Differential Expression of RFamide-Related Peptide, a Mammalian Gonadotrophin-Inhibitory Hormone Orthologue, and Kisspeptin in the Hypothalamus of Abadeh Ecotype Does During Breeding and Anoestrous Seasons

  • M. R. Jafarzadeh Shirazi, M. J. Zamiri, M. S. Salehi, S. Moradi, A. Tamadon, M. R. Namavar, A. Akhlaghi, K. Tsutsui, A. Caraty
  • Journal of Neuroendocrinology, March 2014, Wiley
  • DOI: 10.1111/jne.12137

What is it about?

Gonadotrophin-inhibitory hormone (GnIH) is a novel hypothalamic neuropeptide that was discovered in birds as an inhibitory factor for gonadotrophin release. RFamide-related peptide (RFRP) is a mammalian GnIH orthologue that inhibits gonadotrophin synthesis and release in mammals through actions on gonadotrophin-releasing hormone (GnRH) neurones and gonadotrophs, mediated via the GnIH receptor (GnIH-R), GPR147. On the other hand, hypothalamic kisspeptin provokes the release of GnRH from the hypothalamus.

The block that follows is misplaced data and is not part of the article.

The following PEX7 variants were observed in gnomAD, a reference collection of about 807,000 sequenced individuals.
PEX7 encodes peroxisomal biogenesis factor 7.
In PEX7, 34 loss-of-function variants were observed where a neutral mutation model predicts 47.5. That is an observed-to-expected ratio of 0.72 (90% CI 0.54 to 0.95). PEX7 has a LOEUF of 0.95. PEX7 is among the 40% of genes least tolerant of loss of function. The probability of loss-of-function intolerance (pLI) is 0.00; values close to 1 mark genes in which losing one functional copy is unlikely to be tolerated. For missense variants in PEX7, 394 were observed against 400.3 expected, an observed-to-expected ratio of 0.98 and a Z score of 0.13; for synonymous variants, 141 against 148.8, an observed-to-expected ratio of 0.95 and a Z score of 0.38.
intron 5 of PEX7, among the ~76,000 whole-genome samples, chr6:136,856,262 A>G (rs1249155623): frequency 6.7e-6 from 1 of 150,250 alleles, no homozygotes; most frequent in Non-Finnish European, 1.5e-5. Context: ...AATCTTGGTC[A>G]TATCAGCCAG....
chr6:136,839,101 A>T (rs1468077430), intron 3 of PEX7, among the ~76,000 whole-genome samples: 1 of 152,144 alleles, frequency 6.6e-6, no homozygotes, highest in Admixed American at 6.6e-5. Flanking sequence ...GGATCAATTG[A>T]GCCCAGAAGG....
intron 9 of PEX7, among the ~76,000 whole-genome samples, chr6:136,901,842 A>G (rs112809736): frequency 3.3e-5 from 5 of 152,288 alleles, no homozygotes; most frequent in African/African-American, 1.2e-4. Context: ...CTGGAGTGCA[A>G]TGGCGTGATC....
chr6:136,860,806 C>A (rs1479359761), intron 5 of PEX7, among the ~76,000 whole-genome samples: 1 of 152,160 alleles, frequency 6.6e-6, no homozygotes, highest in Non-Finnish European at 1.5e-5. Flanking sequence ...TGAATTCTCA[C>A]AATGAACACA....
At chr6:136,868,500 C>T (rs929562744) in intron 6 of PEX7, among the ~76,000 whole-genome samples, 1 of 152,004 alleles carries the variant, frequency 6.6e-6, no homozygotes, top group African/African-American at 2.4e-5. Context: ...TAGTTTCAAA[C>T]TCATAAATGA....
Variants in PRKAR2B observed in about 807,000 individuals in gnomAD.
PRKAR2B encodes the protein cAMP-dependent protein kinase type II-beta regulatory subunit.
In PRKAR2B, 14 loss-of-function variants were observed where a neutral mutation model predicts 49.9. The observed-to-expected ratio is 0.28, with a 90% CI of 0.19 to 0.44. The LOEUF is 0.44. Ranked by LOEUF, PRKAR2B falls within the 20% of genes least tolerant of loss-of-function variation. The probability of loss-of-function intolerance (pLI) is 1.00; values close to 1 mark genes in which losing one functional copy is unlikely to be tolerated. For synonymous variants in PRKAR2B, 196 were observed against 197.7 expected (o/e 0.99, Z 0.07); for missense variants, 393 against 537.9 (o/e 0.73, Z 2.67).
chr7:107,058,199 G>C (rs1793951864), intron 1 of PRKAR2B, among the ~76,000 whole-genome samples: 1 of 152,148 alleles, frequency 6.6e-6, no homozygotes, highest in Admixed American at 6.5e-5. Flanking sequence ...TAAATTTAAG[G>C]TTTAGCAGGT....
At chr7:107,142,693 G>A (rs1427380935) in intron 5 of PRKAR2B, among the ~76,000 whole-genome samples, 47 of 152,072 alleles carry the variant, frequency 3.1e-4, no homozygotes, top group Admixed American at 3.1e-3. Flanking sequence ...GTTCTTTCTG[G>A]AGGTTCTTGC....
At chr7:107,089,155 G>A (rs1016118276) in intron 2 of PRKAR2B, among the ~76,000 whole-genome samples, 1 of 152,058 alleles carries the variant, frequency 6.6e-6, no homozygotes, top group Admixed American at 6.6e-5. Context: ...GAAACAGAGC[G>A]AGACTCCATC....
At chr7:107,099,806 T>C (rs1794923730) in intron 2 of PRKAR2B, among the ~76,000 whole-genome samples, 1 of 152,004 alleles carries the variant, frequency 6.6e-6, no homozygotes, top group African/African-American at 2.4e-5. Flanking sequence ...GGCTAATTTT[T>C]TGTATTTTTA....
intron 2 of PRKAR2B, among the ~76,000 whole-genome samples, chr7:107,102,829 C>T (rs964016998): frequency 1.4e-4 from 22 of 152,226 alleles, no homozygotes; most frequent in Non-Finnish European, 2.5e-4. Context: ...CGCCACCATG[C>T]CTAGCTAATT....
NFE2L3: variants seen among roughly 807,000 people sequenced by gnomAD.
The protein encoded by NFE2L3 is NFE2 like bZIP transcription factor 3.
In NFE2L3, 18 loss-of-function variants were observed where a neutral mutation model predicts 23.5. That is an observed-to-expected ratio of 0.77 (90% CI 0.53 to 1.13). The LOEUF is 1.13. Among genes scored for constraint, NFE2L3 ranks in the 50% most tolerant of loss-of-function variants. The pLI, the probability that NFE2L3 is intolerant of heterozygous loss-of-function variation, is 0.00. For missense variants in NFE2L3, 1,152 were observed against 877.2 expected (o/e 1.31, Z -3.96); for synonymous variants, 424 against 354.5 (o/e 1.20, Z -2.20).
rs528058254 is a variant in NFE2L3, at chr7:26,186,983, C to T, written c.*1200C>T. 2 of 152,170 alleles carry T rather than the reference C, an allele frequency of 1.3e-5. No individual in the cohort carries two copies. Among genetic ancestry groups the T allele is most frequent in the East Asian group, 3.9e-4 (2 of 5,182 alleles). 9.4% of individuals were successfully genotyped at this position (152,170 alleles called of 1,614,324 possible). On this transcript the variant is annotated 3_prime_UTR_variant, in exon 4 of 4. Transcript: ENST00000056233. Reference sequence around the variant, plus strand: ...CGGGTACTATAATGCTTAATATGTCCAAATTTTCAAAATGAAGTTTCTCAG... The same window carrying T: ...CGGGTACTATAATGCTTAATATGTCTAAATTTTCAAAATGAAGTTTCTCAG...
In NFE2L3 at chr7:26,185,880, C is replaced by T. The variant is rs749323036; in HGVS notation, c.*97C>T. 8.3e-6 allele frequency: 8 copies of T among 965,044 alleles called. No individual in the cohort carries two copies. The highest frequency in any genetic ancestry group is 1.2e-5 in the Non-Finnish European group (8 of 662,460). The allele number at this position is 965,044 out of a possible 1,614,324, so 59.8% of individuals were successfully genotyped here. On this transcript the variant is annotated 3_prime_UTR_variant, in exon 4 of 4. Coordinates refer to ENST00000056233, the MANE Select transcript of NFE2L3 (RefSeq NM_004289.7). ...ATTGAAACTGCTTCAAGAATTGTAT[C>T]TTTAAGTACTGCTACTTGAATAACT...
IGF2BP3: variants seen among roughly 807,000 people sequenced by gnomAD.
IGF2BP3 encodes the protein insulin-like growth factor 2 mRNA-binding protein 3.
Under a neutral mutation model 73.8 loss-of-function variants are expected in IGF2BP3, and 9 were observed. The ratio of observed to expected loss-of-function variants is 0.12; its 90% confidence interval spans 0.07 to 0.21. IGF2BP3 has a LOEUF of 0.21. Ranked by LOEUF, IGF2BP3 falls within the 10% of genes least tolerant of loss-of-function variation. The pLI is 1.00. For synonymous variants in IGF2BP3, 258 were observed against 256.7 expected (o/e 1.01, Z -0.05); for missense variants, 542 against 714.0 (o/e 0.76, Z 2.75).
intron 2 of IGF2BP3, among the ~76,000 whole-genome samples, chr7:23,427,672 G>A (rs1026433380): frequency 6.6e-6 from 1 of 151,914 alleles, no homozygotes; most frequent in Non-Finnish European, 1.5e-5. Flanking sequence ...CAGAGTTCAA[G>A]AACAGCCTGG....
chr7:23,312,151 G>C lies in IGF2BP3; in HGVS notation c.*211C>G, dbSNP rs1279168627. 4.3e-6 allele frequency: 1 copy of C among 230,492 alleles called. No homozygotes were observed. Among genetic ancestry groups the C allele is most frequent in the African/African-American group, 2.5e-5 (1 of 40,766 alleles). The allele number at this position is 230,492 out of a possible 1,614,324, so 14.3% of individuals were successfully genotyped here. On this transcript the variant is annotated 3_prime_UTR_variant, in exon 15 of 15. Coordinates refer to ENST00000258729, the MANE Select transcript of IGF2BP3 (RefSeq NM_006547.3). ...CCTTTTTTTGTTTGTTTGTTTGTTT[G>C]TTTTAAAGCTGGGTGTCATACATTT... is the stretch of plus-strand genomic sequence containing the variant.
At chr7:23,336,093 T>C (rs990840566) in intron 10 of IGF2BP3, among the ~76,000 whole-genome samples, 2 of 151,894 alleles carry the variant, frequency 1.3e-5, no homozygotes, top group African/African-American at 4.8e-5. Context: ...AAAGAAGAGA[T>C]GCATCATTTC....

Why is it important?

Goat, a short-day seasonal breeder , is an excellent animal model for understanding the interaction of RFRP and kisspeptin for optimal reproductive functioning.

Read Publication


The following have contributed to this page: Dr Mohammad Reza Namavar